• requires States to cooperate with UNHCR

Q6. What is the principle of non-refoulement?
Under the international human rights principle of non-refoulement, a country cannot deport an alien in any manner to a territory where his or her life or freedom would be threatened on account of his or her race, religion, nationality, membership in particular social group, or political opinion.

Q7. What is the role of the UNHCR?
• Lead and coordinate international action for the worldwide protection of refugees and the resolution of refugee problems
• Promote prevention and reduction of statelessness and protection of stateless persons as well as assisting individuals and States to resolve the situation of stateless persons
• Lead or co-lead at global level (and in many cases on national level) the protection, camp coordination and camp management as well as the emergency shelter clusters respectively as part of the humanitarian inter-agency cluster approach benefiting internally displaced persons (IDPs) in conflict situations.

Q8. What is the cause of the Refugee Crisis in Syria?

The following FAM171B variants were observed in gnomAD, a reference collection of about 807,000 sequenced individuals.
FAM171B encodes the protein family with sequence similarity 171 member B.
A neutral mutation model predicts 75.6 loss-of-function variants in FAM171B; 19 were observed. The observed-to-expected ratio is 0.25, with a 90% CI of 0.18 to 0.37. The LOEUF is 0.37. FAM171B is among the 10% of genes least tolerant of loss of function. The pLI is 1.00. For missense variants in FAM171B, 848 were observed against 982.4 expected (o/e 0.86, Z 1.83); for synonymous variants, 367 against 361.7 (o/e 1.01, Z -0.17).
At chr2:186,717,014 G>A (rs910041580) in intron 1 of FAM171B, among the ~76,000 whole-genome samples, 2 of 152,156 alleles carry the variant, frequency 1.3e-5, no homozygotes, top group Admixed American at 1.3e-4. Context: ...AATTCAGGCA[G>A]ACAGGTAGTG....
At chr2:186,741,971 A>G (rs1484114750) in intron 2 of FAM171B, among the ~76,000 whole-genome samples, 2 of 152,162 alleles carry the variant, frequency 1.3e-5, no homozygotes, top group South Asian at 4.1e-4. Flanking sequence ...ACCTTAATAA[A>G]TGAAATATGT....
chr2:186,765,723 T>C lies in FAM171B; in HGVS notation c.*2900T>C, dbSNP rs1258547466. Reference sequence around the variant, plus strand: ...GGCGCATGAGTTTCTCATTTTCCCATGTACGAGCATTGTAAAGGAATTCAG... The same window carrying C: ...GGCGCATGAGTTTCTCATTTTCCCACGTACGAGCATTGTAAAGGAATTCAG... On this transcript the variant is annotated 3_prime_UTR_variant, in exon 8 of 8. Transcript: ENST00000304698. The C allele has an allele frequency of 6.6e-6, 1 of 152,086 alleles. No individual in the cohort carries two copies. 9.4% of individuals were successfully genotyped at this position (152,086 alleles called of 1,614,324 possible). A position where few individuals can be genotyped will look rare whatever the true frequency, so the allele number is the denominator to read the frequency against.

The inception of this problem dates back to 2011. Owing to the Arab Spring, the totalitarian regimes in several parts of the Arab region were challenged and attempts were made in different regions of the Middle East and Northern Africa to topple such a regime. The Al-Assad family in Syria refused to step down. As a result of this, a series of retaliations broke out across the entire country. The Syrian civilian population was trapped amidst ceaseless violent feuds between the government, the rebel groups and religious extremists.

In 2012, the rebel groups began their assault on the city of Aleppo where children were first attacked. Children being caught in the cross-fire, children being killed by stray bullets, children being attacked by snipers and rockets, children being victims of sarin gas attacks as rebels and government forces continued to fight endlessly. The additional repercussions included children being groomed to be child soldiers, killers, suicide bombers having barrel bombs dropped on their childhood.